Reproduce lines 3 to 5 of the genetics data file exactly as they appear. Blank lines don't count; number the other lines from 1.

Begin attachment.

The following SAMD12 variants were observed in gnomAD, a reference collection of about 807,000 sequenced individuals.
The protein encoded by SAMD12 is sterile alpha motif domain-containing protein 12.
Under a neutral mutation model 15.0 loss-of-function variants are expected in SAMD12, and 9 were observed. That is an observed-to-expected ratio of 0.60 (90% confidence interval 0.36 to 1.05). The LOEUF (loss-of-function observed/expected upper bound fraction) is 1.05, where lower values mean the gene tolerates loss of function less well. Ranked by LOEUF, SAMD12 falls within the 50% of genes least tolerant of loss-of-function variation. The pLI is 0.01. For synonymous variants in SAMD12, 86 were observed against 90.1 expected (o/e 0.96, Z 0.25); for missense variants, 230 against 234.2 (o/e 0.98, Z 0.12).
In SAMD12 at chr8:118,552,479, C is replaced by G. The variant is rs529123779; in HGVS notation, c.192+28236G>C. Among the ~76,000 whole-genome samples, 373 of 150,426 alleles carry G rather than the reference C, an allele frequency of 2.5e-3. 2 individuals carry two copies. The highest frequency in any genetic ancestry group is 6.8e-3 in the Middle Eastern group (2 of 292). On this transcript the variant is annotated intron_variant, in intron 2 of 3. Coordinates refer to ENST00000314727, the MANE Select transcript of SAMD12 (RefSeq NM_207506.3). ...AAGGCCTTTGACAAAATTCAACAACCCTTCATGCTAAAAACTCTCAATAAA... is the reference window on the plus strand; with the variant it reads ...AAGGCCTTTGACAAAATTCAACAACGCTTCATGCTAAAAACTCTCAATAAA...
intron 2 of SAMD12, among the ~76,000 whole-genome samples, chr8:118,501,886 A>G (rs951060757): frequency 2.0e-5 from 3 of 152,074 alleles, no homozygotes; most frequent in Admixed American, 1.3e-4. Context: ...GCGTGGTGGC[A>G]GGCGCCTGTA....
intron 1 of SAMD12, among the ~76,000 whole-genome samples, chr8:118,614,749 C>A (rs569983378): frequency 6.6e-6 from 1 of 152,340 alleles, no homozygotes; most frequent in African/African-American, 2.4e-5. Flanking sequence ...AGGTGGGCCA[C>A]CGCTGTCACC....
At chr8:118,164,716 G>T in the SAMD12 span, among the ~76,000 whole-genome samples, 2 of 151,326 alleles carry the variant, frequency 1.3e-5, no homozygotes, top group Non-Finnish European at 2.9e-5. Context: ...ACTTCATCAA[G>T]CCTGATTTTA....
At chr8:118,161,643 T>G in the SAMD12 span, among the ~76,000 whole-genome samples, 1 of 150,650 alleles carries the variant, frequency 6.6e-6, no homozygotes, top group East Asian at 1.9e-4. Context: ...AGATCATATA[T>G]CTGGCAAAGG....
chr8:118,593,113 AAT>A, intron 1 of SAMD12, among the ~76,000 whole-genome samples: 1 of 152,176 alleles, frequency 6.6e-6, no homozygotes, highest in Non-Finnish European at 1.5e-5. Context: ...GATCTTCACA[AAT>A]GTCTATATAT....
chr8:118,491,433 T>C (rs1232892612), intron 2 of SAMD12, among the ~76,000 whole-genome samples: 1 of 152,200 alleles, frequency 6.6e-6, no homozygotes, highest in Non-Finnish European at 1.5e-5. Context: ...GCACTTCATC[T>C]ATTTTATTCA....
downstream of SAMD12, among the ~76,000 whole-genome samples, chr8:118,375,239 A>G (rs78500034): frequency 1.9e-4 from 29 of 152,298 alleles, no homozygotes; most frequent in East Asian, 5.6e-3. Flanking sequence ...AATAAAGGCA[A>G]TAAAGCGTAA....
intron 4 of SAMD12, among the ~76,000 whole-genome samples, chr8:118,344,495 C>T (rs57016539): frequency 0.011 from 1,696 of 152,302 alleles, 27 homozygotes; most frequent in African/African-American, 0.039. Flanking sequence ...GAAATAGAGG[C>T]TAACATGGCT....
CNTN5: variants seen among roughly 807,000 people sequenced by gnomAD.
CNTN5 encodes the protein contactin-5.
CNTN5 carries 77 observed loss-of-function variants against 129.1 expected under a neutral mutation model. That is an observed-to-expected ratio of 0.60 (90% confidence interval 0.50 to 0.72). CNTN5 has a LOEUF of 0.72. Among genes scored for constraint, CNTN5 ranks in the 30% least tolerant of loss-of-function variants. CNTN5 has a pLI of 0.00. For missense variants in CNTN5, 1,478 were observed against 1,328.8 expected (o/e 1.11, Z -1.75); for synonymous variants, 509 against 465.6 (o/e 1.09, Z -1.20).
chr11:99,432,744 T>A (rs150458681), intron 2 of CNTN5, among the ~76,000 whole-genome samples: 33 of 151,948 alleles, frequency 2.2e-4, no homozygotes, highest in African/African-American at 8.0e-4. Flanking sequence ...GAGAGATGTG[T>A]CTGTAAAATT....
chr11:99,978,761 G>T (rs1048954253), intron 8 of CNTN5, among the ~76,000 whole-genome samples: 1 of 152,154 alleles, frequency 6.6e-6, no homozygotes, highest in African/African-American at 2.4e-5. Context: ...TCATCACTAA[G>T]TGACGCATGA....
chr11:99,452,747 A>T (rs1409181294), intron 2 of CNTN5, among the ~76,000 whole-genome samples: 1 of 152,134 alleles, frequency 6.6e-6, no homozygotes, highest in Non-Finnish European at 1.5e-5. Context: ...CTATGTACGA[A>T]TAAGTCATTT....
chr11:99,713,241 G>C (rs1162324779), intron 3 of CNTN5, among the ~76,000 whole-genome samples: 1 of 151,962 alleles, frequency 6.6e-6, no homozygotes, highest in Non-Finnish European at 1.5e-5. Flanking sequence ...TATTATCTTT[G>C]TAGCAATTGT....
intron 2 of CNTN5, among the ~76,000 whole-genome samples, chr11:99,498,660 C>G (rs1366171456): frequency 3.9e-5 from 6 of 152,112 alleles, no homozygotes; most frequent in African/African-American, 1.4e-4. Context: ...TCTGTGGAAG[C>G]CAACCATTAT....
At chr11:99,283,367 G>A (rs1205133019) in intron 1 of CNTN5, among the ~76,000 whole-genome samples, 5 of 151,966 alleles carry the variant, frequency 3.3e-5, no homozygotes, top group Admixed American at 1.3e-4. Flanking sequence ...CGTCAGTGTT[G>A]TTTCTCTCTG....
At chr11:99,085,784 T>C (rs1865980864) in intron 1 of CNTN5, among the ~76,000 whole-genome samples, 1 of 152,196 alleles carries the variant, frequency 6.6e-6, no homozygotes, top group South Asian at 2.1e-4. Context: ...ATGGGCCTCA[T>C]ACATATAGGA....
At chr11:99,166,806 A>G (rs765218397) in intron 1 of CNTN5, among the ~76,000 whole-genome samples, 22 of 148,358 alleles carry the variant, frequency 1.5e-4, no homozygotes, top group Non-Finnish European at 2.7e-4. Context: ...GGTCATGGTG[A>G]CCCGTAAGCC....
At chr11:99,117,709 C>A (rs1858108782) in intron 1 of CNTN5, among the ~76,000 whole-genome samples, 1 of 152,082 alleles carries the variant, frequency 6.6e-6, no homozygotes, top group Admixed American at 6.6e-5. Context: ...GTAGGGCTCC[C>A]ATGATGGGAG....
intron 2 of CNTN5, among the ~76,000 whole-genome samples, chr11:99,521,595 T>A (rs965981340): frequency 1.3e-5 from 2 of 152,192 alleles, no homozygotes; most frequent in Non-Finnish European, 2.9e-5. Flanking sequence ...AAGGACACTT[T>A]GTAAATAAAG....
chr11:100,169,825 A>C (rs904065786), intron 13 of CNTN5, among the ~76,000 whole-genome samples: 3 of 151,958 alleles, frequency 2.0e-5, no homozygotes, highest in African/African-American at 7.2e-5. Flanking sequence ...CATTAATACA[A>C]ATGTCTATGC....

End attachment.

Under a neutral mutation model 15.0 loss-of-function variants are expected in SAMD12, and 9 were observed. That is an observed-to-expected ratio of 0.60 (90% confidence interval 0.36 to 1.05). The LOEUF (loss-of-function observed/expected upper bound fraction) is 1.05, where lower values mean the gene tolerates loss of function less well. Ranked by LOEUF, SAMD12 falls within the 50% of genes least tolerant of loss-of-function variation. The pLI is 0.01. For synonymous variants in SAMD12, 86 were observed against 90.1 expected (o/e 0.96, Z 0.25); for missense variants, 230 against 234.2 (o/e 0.98, Z 0.12).
In SAMD12 at chr8:118,552,479, C is replaced by G. The variant is rs529123779; in HGVS notation, c.192+28236G>C. Among the ~76,000 whole-genome samples, 373 of 150,426 alleles carry G rather than the reference C, an allele frequency of 2.5e-3. 2 individuals carry two copies. The highest frequency in any genetic ancestry group is 6.8e-3 in the Middle Eastern group (2 of 292). On this transcript the variant is annotated intron_variant, in intron 2 of 3. Coordinates refer to ENST00000314727, the MANE Select transcript of SAMD12 (RefSeq NM_207506.3). ...AAGGCCTTTGACAAAATTCAACAACCCTTCATGCTAAAAACTCTCAATAAA... is the reference window on the plus strand; with the variant it reads ...AAGGCCTTTGACAAAATTCAACAACGCTTCATGCTAAAAACTCTCAATAAA...
intron 2 of SAMD12, among the ~76,000 whole-genome samples, chr8:118,501,886 A>G (rs951060757): frequency 2.0e-5 from 3 of 152,074 alleles, no homozygotes; most frequent in Admixed American, 1.3e-4. Context: ...GCGTGGTGGC[A>G]GGCGCCTGTA....